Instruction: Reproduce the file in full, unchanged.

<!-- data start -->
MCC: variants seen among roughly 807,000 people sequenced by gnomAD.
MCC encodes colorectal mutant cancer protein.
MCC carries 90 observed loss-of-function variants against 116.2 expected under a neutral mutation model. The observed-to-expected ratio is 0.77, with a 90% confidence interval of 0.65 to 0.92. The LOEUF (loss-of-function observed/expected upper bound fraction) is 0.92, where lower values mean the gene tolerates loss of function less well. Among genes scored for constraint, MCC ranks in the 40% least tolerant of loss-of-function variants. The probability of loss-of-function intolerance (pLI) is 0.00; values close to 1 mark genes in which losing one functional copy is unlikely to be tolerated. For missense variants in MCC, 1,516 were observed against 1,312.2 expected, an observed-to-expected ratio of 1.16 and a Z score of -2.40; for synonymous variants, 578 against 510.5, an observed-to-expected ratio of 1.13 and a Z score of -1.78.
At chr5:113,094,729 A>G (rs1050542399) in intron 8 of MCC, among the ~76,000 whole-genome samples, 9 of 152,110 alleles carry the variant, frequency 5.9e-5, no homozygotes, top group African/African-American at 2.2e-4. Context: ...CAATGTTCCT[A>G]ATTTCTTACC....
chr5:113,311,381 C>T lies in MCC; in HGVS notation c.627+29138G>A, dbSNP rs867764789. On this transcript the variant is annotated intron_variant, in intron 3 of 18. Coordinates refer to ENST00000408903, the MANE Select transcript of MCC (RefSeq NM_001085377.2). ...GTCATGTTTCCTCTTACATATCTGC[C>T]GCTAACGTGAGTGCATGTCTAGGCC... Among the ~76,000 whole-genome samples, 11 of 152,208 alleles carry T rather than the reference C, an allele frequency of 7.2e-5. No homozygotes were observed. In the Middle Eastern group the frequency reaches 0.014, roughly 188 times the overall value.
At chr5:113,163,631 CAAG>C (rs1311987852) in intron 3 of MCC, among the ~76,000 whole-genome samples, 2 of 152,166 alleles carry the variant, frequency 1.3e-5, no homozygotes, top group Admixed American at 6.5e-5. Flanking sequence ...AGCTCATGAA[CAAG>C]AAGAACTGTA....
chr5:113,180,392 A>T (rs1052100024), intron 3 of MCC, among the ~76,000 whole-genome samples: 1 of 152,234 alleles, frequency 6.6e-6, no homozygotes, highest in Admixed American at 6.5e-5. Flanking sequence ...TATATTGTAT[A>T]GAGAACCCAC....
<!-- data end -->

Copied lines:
MCC: variants seen among roughly 807,000 people sequenced by gnomAD.
MCC encodes colorectal mutant cancer protein.
MCC carries 90 observed loss-of-function variants against 116.2 expected under a neutral mutation model. The observed-to-expected ratio is 0.77, with a 90% confidence interval of 0.65 to 0.92. The LOEUF (loss-of-function observed/expected upper bound fraction) is 0.92, where lower values mean the gene tolerates loss of function less well. Among genes scored for constraint, MCC ranks in the 40% least tolerant of loss-of-function variants. The probability of loss-of-function intolerance (pLI) is 0.00; values close to 1 mark genes in which losing one functional copy is unlikely to be tolerated. For missense variants in MCC, 1,516 were observed against 1,312.2 expected, an observed-to-expected ratio of 1.16 and a Z score of -2.40; for synonymous variants, 578 against 510.5, an observed-to-expected ratio of 1.13 and a Z score of -1.78.
At chr5:113,094,729 A>G (rs1050542399) in intron 8 of MCC, among the ~76,000 whole-genome samples, 9 of 152,110 alleles carry the variant, frequency 5.9e-5, no homozygotes, top group African/African-American at 2.2e-4. Context: ...CAATGTTCCT[A>G]ATTTCTTACC....
chr5:113,311,381 C>T lies in MCC; in HGVS notation c.627+29138G>A, dbSNP rs867764789. On this transcript the variant is annotated intron_variant, in intron 3 of 18. Coordinates refer to ENST00000408903, the MANE Select transcript of MCC (RefSeq NM_001085377.2). ...GTCATGTTTCCTCTTACATATCTGC[C>T]GCTAACGTGAGTGCATGTCTAGGCC... Among the ~76,000 whole-genome samples, 11 of 152,208 alleles carry T rather than the reference C, an allele frequency of 7.2e-5. No homozygotes were observed. In the Middle Eastern group the frequency reaches 0.014, roughly 188 times the overall value.
At chr5:113,163,631 CAAG>C (rs1311987852) in intron 3 of MCC, among the ~76,000 whole-genome samples, 2 of 152,166 alleles carry the variant, frequency 1.3e-5, no homozygotes, top group Admixed American at 6.5e-5. Flanking sequence ...AGCTCATGAA[CAAG>C]AAGAACTGTA....
chr5:113,180,392 A>T (rs1052100024), intron 3 of MCC, among the ~76,000 whole-genome samples: 1 of 152,234 alleles, frequency 6.6e-6, no homozygotes, highest in Admixed American at 6.5e-5. Flanking sequence ...TATATTGTAT[A>T]GAGAACCCAC....